As noted, I was able to use a 30 mWatt laser pointer to take out a streetlight. But, I needed to modify the laser in three important ways to turn it into a practical solution:
- it had to be powered with an ac adapter
- it had to be mounted to the side of the fence in such a way that it could be aimed and held in position for extended time.
- it had to have a long power cable that could reach into my backyard and observatory dome.
I took my 30 mWatt laser apart and hooked it up to a power supply. The top half of the laser has a spring in the center that makes contact with the two 1.5v batteries. The shell of the laser is the second contact.
The center contact is the negative end, the outer shell is the positive end of the laser. Between the external contacts and the laser itself is some circuitry.
I am not sure what the drive circuitry is. The I-V curve, as near as I could tell, was sort of like a diode, a very sharp turn on in current with little voltage increase. The active circuitry did something, but it did not seem to be a very good constant current source.
Rather than try to take it apart and drive the laser diode directly, I decided to just drive the laser through the existing circuitry.
Experimenting using an external adjustable power supply, I found this laser did not turn on until there was 180 mA of current. Then it started lasing faintly.
It took about 2.7v to get 180 mA. At 3 v, I was getting about 330 mA and the laser was very bright. The effective resistance of the laser and circuit was about 3v/0.3A = 10 Ohms. This would determine the current flow in a typical circuit.
I left the laser on at 330 mA of current and after 30 minutes, the intensity had dropped considerably. The laser body was at least 15 degrees C above ambient. The laser itself was probably much hotter. I assume the drop in intensity was due to the increase in temperature.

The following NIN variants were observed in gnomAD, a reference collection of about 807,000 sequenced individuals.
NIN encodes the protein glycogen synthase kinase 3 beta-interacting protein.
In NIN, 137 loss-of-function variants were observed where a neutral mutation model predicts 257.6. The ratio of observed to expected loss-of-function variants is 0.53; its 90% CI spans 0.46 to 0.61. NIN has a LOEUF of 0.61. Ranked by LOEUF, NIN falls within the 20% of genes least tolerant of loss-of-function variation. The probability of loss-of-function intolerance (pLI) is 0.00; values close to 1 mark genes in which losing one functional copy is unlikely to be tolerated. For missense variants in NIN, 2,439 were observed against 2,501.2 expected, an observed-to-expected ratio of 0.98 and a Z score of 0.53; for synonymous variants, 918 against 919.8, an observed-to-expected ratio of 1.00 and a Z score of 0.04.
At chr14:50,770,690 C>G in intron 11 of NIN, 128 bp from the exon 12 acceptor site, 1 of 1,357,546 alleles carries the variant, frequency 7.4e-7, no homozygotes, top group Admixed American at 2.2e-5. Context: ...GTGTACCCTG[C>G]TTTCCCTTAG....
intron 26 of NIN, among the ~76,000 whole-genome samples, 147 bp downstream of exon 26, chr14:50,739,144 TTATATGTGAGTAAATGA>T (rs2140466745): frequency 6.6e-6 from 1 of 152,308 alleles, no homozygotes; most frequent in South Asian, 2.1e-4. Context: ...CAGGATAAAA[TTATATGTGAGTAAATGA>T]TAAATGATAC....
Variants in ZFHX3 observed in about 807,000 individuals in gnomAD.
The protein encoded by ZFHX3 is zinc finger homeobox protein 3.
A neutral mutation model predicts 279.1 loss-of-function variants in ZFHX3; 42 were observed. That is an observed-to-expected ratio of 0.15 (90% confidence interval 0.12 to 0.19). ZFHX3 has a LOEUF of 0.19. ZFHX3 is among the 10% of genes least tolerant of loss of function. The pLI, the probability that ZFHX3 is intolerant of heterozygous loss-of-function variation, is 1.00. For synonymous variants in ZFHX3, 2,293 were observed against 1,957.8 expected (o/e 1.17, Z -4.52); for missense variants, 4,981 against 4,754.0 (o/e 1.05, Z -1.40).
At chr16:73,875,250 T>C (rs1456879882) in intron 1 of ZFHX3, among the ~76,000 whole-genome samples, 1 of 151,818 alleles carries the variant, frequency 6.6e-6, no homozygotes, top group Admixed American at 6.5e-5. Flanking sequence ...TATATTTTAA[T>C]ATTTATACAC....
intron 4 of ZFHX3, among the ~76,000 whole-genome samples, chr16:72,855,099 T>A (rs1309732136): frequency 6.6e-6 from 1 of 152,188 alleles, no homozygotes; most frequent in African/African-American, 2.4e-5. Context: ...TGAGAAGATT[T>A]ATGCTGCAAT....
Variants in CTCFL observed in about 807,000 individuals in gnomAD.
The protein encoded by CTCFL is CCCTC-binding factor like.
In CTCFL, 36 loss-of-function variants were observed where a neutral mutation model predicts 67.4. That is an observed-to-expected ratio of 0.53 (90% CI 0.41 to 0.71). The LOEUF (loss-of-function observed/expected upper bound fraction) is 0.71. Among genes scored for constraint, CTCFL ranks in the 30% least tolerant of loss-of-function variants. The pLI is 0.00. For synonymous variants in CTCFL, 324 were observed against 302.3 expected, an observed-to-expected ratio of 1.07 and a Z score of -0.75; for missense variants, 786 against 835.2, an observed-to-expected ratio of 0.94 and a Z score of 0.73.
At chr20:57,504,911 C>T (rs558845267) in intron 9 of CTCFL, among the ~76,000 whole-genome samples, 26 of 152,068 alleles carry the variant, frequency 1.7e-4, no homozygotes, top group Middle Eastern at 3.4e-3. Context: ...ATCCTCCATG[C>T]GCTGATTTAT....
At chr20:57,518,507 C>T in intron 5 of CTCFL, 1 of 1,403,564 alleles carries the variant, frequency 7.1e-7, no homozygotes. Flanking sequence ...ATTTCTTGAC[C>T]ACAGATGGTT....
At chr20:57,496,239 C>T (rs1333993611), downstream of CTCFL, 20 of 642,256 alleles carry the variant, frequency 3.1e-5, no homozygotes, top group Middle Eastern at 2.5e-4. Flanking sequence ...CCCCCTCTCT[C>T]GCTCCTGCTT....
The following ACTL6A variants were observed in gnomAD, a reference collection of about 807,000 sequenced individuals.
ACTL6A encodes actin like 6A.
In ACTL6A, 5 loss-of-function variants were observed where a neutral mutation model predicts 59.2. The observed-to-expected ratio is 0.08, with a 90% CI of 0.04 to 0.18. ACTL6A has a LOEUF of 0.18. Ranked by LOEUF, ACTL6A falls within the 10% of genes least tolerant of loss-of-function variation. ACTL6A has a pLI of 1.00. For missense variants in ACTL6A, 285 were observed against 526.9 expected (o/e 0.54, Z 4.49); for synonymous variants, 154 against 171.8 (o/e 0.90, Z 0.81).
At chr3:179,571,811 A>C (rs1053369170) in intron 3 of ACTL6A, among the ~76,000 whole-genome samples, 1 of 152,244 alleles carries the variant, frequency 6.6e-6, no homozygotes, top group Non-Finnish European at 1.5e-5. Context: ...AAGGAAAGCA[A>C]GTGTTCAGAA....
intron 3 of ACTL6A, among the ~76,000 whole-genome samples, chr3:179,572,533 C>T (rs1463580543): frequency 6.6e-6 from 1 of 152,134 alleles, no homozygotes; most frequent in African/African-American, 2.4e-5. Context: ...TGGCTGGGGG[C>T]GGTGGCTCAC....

I decided the current should be cranked down a bit, to about 300 mA, to keep the temperature rise a little lower. It was still pretty bright and would be bright enough to keep the lamp off.
I had a 5v cheap wall wart supply that was rated at 1 A. The ratings are usually based on a 10% voltage drop at the rated current draw. This would have been a source impedance of R = 10% x V/I = 0.5/1 = 0.5 Ohms.
I decided the simplest approach was to add a series resistor to the input of the laser circuitry to limit the current. The power supply output was 5v. With 3v across the laser with 0.3 A, the resistor would have a 2v drop at 0.3 A. This is a resistance of 2/0.3 = 6.7 Ohms.
I looked through my draw and came up with two 10 ohm resistors I could put in parallel with two 1 Ohm resistors in series. This would be 0.5 Ohms from the wall wart and 7 Ohms of resistors for a total of 7.5 Ohms. Close enough.
I potted up all the cables, connectors and the resistors in a bathroom caulk silicone rubber to protect them from the environment. I added a power plug socket to the end of the cable pigtail so I could plug in the long DC power cable from the wall wart.
The laser tube was glued to a small right angle flange for mechanical support. Onto the base of this, I glued two ¼-20 nuts. This would allow me to use a small camera tripod for the precise aiming.
Five minute epoxy makes for simple and easy construction.
I built a long extension cord from speaker cables to take the power from the dome to where the laser would be mounted.
Once everything was connected, I turned on the laser and used the tripod to align the laser to the photo sensor on the lamp post.
I was not surprised that in about 5 seconds of illumination, the light turned off. Success!